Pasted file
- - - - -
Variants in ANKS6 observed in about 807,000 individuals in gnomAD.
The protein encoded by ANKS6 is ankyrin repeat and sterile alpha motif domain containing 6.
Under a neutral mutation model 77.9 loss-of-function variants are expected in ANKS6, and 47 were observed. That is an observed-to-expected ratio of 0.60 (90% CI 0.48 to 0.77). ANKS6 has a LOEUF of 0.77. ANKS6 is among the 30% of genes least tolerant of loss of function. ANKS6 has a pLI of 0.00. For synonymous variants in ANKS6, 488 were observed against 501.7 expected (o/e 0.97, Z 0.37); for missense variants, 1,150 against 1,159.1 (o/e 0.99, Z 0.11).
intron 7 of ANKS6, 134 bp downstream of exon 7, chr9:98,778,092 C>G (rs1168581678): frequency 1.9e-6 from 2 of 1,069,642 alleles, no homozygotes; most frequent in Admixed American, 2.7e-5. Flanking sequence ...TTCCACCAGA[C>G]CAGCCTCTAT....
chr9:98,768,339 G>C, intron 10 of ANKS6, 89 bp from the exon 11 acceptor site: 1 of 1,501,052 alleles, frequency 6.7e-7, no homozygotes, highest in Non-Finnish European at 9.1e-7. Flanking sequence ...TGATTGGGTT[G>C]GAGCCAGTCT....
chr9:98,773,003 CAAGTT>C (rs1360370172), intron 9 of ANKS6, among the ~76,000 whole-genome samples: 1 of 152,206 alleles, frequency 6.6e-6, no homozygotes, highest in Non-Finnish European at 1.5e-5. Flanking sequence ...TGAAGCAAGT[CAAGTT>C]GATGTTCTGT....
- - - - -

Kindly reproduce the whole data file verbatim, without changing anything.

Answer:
Variants in ANKS6 observed in about 807,000 individuals in gnomAD.
The protein encoded by ANKS6 is ankyrin repeat and sterile alpha motif domain containing 6.
Under a neutral mutation model 77.9 loss-of-function variants are expected in ANKS6, and 47 were observed. That is an observed-to-expected ratio of 0.60 (90% CI 0.48 to 0.77). ANKS6 has a LOEUF of 0.77. ANKS6 is among the 30% of genes least tolerant of loss of function. ANKS6 has a pLI of 0.00. For synonymous variants in ANKS6, 488 were observed against 501.7 expected (o/e 0.97, Z 0.37); for missense variants, 1,150 against 1,159.1 (o/e 0.99, Z 0.11).
intron 7 of ANKS6, 134 bp downstream of exon 7, chr9:98,778,092 C>G (rs1168581678): frequency 1.9e-6 from 2 of 1,069,642 alleles, no homozygotes; most frequent in Admixed American, 2.7e-5. Flanking sequence ...TTCCACCAGA[C>G]CAGCCTCTAT....
chr9:98,768,339 G>C, intron 10 of ANKS6, 89 bp from the exon 11 acceptor site: 1 of 1,501,052 alleles, frequency 6.7e-7, no homozygotes, highest in Non-Finnish European at 9.1e-7. Flanking sequence ...TGATTGGGTT[G>C]GAGCCAGTCT....
chr9:98,773,003 CAAGTT>C (rs1360370172), intron 9 of ANKS6, among the ~76,000 whole-genome samples: 1 of 152,206 alleles, frequency 6.6e-6, no homozygotes, highest in Non-Finnish European at 1.5e-5. Flanking sequence ...TGAAGCAAGT[CAAGTT>C]GATGTTCTGT....